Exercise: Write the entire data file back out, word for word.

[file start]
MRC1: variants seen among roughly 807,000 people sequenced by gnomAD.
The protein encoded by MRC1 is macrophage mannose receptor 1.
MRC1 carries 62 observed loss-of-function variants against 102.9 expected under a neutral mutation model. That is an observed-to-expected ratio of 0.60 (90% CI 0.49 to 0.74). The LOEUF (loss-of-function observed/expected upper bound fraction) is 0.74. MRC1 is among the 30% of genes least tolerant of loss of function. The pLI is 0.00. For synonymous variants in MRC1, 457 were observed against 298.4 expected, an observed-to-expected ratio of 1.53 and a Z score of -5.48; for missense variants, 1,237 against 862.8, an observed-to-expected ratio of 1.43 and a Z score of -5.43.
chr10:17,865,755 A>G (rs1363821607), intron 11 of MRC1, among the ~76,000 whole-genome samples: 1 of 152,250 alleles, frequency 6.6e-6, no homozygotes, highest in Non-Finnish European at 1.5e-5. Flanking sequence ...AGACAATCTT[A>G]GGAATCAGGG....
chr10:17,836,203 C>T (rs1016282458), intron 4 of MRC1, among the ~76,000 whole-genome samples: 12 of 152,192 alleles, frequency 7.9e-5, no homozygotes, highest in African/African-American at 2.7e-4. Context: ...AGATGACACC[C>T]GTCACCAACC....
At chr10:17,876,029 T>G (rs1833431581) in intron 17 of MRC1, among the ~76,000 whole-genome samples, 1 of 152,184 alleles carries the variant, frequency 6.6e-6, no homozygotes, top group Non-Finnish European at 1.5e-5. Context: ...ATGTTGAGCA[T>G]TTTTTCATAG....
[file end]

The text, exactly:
MRC1: variants seen among roughly 807,000 people sequenced by gnomAD.
The protein encoded by MRC1 is macrophage mannose receptor 1.
MRC1 carries 62 observed loss-of-function variants against 102.9 expected under a neutral mutation model. That is an observed-to-expected ratio of 0.60 (90% CI 0.49 to 0.74). The LOEUF (loss-of-function observed/expected upper bound fraction) is 0.74. MRC1 is among the 30% of genes least tolerant of loss of function. The pLI is 0.00. For synonymous variants in MRC1, 457 were observed against 298.4 expected, an observed-to-expected ratio of 1.53 and a Z score of -5.48; for missense variants, 1,237 against 862.8, an observed-to-expected ratio of 1.43 and a Z score of -5.43.
chr10:17,865,755 A>G (rs1363821607), intron 11 of MRC1, among the ~76,000 whole-genome samples: 1 of 152,250 alleles, frequency 6.6e-6, no homozygotes, highest in Non-Finnish European at 1.5e-5. Flanking sequence ...AGACAATCTT[A>G]GGAATCAGGG....
chr10:17,836,203 C>T (rs1016282458), intron 4 of MRC1, among the ~76,000 whole-genome samples: 12 of 152,192 alleles, frequency 7.9e-5, no homozygotes, highest in African/African-American at 2.7e-4. Context: ...AGATGACACC[C>T]GTCACCAACC....
At chr10:17,876,029 T>G (rs1833431581) in intron 17 of MRC1, among the ~76,000 whole-genome samples, 1 of 152,184 alleles carries the variant, frequency 6.6e-6, no homozygotes, top group Non-Finnish European at 1.5e-5. Context: ...ATGTTGAGCA[T>G]TTTTTCATAG....